4. About 1 in 5 males are encouraged to try their hand at GMing.
5. About 1 in 25 females are encouraged to try their hand at Gming.
6. Currently, there is about 1 female per 4 males in the hobby.

With 500 roleplayers (100 females, 400 male), the above premises will result in the following numbers:

# Males to Try: 120 (40 had moxy, 80 were encouraged)
# Males to Continue: 60
# Females to Try: 14 (10 had moxy, 4 were encouraged)
# Females to Continue: 7
The bias lies primarily in the encouragement prejudice. Even with equal numbers of men and women (100 and 100), you end up with twice as many male GMs (30 try, 15 continue).

-Thomas W.

Footnote- I asked Thomas where he'd gotten his numbers and this was his response:

Informal research, that is to say, personal observation over the past decade (I've been GMing longer than that, but I didn't pay sufficient attention until about the nineties).

The "1 in 10 moxy" number comes from direct experience, and is a rough guess. If I had to say, it probably errs on the generous. Very few people decide to GM without any encouragement at all.

The encouragement numbers are based mostly on anecdotes and stories from other groups, and observations of behavior when I've played in "outside groups". My own group is so far outside the norm that I can't really use it- I've had an even split of men and women since 1988, and I've encouraged / apprenticed two men and one woman to becoming excellent GMs.

The "females per male" number comes from guesstimate headcounts at conventions, and anecdotes and stories from other groups. It's probably the shakiest number, because I am making the generous assumption that all groups I know (including my own) constitute a reasonable statistical group (maybe 200 people all together), when I very well know that 200 people is barely sufficient for a test group :).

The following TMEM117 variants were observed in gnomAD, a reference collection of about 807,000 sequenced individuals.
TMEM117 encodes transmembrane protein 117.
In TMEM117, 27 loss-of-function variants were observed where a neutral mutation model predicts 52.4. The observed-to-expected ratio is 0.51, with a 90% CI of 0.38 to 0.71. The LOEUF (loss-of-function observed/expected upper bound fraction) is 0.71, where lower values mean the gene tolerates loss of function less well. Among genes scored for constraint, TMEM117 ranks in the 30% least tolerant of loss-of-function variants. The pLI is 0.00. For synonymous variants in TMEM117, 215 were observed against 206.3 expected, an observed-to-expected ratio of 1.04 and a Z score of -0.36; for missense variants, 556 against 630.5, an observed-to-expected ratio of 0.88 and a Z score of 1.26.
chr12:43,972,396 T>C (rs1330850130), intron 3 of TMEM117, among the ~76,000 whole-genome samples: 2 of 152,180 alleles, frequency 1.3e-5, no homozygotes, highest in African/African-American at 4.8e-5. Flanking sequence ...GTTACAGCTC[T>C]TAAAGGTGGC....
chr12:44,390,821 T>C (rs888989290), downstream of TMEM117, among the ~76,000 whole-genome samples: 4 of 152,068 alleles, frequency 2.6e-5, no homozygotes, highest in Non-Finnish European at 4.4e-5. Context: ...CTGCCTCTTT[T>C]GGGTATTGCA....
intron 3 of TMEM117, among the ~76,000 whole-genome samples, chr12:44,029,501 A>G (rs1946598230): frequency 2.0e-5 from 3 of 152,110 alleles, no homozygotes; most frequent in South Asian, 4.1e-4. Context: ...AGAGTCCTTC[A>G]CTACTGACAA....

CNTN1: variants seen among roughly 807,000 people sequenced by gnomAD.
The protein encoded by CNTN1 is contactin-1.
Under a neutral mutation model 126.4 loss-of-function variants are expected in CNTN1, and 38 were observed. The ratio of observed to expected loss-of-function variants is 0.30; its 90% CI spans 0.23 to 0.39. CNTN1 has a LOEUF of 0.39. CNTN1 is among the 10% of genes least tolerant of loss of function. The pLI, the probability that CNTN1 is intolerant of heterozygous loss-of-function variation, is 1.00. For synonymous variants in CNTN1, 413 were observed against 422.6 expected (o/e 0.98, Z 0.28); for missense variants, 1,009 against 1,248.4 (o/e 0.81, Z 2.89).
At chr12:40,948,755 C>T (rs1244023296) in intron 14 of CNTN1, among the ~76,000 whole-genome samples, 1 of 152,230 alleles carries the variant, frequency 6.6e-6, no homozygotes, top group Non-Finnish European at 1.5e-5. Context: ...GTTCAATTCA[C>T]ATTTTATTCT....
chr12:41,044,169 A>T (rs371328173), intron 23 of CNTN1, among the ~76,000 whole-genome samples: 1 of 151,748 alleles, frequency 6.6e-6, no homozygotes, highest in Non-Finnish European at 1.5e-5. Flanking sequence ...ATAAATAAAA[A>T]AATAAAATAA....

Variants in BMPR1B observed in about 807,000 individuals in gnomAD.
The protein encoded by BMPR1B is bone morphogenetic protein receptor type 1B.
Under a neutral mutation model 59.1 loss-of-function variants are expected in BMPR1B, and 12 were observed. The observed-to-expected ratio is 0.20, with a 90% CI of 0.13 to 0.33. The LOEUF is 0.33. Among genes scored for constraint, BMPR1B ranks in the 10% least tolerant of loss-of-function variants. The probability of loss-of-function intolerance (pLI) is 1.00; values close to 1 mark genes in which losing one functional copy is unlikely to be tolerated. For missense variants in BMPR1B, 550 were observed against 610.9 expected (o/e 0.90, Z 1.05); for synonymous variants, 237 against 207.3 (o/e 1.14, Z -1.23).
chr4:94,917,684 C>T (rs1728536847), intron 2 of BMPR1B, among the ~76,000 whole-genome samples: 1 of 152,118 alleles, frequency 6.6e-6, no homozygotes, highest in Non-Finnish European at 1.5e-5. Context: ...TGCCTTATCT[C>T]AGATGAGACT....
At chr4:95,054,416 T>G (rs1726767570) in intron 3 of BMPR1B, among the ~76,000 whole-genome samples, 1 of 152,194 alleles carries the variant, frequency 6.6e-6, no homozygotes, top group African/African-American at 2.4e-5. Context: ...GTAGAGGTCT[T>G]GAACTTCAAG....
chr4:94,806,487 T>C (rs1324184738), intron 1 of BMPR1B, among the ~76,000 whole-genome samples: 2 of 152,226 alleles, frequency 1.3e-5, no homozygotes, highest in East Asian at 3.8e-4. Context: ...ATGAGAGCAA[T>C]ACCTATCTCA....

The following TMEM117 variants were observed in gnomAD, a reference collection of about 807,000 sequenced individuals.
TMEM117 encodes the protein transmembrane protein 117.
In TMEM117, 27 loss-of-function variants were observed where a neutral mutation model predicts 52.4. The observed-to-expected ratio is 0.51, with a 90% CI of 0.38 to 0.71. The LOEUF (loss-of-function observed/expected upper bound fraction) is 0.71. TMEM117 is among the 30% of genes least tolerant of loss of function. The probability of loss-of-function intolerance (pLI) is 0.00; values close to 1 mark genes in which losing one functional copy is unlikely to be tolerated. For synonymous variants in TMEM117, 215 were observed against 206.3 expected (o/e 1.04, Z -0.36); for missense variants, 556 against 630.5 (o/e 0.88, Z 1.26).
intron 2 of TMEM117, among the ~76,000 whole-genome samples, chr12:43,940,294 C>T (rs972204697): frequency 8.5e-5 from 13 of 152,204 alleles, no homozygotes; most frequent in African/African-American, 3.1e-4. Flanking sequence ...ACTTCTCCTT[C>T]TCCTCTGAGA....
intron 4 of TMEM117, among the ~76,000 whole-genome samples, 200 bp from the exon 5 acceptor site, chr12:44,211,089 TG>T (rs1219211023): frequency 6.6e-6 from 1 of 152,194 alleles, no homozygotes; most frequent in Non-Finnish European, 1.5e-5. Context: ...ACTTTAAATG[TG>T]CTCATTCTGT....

The final numbers seem to hold up pretty well under observation, however.

posted 6-25-01

I'm a female player. I've never GM'ed but I really want to! Right now the biggest road block is my lack of time, but before I got a job my biggest roadblock was lack of confidence in my rules knowledge and plot ability. I have since come to the conclusion that I don't need to memorize every rule (that's what the books are for, after all) and I can cut my teeth on less heroic games where the plots are relatively simple. I've never gamed under a female GM. I think that one of the reasons that there are so few female GMs is that there are fewer women gamers in general. An other reason is that many women might feel that they don't have enough support from their gaming groups to become GM. In my experience, most people get to be GM because of their charisma, seniority or bulk of knowledge; weather or not they can tell a story determines if they *stay* GM. I have yet to meet a women gamer who was the oldest, the most charismatic, or had the biggest RPG book collection in her gaming group. Without these status symbols, many young women feel that no one would want to game under them until they hear something like "Wow, you came up with a really good background story for your character, did you ever consider *running* a game?" It takes a really bold person to ask to be put in charge when they don't know if anyone respects their ability.


From: (Anonymous)
2007-01-17 05:27 pm (UTC)
My advice as a women gm to any young women trying to start out.

Gather 4-6 newbie to gm for and run a light simple hack-n-slash type campaign of about 12 games. You can build from there and those campaigns are hard to do badly. Your newbie players will have fun and will be happy to keep playing as you try other things.